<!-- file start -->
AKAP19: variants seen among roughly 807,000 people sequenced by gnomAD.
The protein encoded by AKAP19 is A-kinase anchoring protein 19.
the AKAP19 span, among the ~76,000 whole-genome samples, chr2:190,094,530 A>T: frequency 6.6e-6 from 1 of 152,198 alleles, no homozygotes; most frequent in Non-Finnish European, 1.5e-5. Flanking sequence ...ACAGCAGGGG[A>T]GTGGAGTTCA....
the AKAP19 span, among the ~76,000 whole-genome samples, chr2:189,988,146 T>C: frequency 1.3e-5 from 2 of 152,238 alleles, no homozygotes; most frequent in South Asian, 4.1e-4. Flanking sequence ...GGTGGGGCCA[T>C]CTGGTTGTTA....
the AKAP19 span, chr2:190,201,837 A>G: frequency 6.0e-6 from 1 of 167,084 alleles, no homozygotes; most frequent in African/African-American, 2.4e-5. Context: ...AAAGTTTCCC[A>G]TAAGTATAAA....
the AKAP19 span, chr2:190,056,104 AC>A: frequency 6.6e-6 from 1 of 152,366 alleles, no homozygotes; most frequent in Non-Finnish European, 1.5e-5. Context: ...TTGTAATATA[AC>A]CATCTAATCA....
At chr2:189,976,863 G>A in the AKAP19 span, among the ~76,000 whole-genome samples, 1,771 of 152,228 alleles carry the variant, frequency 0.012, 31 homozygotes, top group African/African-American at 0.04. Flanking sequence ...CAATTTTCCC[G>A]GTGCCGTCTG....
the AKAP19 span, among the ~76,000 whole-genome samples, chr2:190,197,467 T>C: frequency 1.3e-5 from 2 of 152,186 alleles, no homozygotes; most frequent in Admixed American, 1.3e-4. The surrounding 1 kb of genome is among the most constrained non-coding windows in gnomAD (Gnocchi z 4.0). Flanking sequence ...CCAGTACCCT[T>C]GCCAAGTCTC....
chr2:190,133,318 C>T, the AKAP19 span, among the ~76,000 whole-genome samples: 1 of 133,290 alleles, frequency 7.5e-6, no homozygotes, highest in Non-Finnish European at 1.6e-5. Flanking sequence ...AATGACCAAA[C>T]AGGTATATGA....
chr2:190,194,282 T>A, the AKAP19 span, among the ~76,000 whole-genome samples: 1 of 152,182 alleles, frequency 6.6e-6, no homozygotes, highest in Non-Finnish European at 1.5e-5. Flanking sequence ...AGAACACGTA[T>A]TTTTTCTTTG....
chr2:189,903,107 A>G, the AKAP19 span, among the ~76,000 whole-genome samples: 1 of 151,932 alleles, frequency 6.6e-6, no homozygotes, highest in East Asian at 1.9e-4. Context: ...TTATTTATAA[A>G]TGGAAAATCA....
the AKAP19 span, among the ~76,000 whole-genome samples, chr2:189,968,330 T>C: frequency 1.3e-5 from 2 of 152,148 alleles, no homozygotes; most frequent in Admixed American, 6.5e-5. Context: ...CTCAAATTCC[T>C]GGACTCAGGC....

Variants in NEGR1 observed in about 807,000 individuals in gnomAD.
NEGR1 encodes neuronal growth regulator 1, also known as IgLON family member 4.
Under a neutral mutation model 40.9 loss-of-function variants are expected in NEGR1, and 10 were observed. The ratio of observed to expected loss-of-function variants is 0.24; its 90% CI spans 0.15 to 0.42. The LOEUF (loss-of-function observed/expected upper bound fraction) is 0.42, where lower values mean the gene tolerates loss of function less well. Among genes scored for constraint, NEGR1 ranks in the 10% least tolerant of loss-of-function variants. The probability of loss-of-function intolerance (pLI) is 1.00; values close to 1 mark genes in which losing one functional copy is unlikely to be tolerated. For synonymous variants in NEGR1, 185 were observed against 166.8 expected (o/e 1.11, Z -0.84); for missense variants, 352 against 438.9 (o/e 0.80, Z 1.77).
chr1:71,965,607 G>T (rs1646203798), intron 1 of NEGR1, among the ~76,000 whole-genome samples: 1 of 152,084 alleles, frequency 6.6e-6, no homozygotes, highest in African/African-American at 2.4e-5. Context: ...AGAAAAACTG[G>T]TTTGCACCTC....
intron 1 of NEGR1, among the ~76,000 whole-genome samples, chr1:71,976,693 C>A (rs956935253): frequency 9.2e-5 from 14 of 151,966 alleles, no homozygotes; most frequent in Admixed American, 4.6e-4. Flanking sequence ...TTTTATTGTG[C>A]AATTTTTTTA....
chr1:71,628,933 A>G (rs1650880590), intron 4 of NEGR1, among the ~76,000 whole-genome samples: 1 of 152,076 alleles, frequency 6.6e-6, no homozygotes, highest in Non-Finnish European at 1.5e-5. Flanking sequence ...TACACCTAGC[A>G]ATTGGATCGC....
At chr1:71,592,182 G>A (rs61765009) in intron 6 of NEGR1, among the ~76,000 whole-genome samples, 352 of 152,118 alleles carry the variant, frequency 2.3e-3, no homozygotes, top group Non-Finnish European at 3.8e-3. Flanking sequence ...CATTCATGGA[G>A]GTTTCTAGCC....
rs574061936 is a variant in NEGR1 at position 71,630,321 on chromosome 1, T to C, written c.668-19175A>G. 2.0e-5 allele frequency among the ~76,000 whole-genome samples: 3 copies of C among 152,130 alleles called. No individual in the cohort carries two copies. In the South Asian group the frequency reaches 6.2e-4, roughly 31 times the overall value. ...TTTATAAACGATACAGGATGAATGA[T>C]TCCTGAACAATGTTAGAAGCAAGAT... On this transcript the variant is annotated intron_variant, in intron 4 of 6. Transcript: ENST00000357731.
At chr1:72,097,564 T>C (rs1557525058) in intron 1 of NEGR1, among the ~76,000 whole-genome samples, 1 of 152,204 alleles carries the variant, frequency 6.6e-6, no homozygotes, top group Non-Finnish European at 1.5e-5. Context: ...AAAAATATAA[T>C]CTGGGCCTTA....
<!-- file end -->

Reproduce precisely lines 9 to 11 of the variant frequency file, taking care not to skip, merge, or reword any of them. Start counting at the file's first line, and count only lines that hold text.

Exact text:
chr2:190,133,318 C>T, the AKAP19 span, among the ~76,000 whole-genome samples: 1 of 133,290 alleles, frequency 7.5e-6, no homozygotes, highest in Non-Finnish European at 1.6e-5. Flanking sequence ...AATGACCAAA[C>T]AGGTATATGA....
chr2:190,194,282 T>A, the AKAP19 span, among the ~76,000 whole-genome samples: 1 of 152,182 alleles, frequency 6.6e-6, no homozygotes, highest in Non-Finnish European at 1.5e-5. Flanking sequence ...AGAACACGTA[T>A]TTTTTCTTTG....
chr2:189,903,107 A>G, the AKAP19 span, among the ~76,000 whole-genome samples: 1 of 151,932 alleles, frequency 6.6e-6, no homozygotes, highest in East Asian at 1.9e-4. Context: ...TTATTTATAA[A>G]TGGAAAATCA....